A Conjuring of Light by Victoria Schwab

A Conjuring of Light (Shades of Magic #3) by Victoria Schwab


Source: purchased (paperback).

Genre: historical fantasy.

My rating:

I’ve asked my husband to simplify my review form a little. The book cover link still goes to Goodreads and you can figure most of the metadata from there, you’re bookish people after all and don’t need me for this. :)

This review was hard to write. It’s nearly impossible for me to say anything bad about Victoria Schwab’s books because I’m a huge fan, but I just didn’t enjoy A Conjuring of Light like I did her previous work. This post contains serious spoilers for the entire series, so if you haven’t read the books (all of them) yet, I suggest you go and remedy that situation before coming back to chat with me. You’ve been warned. Also, if you’re a die-hard fan of the series and can’t hear anything bad said about it, please stop reading. This review isn’t nasty or snarky, but it isn’t as awed as I hoped it would be, either.

I had some issues with A Gathering of Shadows already, namely that the big magical tournament took over the entire book and didn’t really move the plot along until the last couple of chapters. I also didn’t like the way Lila seemed determined to keep herself distanced from everyone (to her own detriment).

In ACOL, the first problem grew worse (I’ll talk about it in a moment), but Lila was much more approachable. I know many people probably disliked the fact that she and Kell hooked up but I’ve been rooting for them from the beginning and was very happy when they (and by they I mean one Delilah Bard) managed to get their shit sorted out and realized they actually belong together. *happy sigh*

But most of the plot consists of defeating Osaron, aka The Evil Entity of Doom (or EED for short). He/It wants to take over the entire world, possibly two, and everyone needs to unite in order to vanquish him/it. Now, there’s nothing wrong with that, but the whole “let’s do this together” thing wasn’t really to my taste.

First of all, EED was such a poor villain. Oh, he was uber powerful and very evil, but also completely black. I like my antagonists a bit grayer – there wasn’t a single moment when I thought “huh, he might win,” because he was one-dimensional and just had to be defeated. So the entire plot of the story wasn’t “will they defeat the EED” but merely “how will they defeat the EED”, which is a bit more predictable. I know, I know, I’m being super harsh… :(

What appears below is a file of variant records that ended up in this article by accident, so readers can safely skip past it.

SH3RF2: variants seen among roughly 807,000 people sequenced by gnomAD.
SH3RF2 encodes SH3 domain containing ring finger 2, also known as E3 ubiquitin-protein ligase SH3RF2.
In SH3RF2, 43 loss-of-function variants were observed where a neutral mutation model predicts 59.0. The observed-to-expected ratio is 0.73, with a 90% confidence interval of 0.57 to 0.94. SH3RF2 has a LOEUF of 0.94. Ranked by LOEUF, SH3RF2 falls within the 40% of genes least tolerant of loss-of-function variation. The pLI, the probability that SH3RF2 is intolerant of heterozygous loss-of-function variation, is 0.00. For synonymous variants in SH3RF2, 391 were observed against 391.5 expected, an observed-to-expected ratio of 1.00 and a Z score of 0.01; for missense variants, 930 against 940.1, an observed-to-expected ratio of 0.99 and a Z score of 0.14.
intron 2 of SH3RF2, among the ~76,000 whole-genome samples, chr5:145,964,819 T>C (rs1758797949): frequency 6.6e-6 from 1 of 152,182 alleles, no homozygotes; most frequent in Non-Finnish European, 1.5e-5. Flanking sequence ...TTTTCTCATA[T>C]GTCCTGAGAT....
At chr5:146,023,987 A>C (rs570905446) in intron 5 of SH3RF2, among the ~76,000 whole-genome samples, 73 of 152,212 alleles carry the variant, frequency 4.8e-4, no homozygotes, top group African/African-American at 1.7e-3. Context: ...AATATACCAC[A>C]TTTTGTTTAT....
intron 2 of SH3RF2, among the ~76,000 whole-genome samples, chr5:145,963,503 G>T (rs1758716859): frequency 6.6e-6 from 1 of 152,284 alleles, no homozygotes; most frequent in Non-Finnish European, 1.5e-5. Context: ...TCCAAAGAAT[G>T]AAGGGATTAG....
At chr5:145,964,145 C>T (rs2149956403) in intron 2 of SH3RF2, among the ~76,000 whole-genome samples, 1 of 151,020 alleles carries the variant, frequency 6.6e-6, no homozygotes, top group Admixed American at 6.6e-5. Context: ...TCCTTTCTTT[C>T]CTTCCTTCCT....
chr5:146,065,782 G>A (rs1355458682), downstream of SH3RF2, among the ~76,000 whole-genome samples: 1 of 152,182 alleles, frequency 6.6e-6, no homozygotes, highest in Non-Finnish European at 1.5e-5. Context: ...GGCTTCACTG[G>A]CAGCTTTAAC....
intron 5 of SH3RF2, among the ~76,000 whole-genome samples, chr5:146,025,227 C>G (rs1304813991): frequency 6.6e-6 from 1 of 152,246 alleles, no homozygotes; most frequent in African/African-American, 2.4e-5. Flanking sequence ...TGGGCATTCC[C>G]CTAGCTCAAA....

Schwab also decided to redeem Holland. I know he was just a pawn for the Dane twins but he did some really atrocious things and was nasty in the process. So I couldn’t get behind his change – especially not as the justification came in large amounts of backstory that seemed entirely unnecessary. Some readers were probably happy, I know people loved Holland, but I just didn’t.

Then there were the multitudes of POVs. Starting from AGOS, more and more characters got their turn at being heard. This is absolutely a pet peeve (I had the same difficulty with Strange the Dreamer and The Gray Wolf Throne) but head-hopping really bugs me. It takes valuable page time away from my beloved main characters and it never gives enough attention to side characters who remain undeveloped and therefore interchangeable. Here, it felt like the queen, the king, the guard, and the sailor all got their bits of the story so we’d feel bad when Schwab eventually killed them. This sounds way harsh but I just didn’t feel anything when they died!

To be honest, I worried about who she’ll kill by the end of the book. Why is it that we can’t have a HEA for everyone in fantasy books? There are other ways of punching me in the gut without murdering characters. (Okay, this mini rant is closely connected to my feelings about Crooked Kingdom, but we’ll discuss that at some other time.) I’m really glad Schwab didn’t murder any of the main characters – I really feared for Rhy and Alucard for a while, but I think she must have known she’d start a riot if she killed them off. :)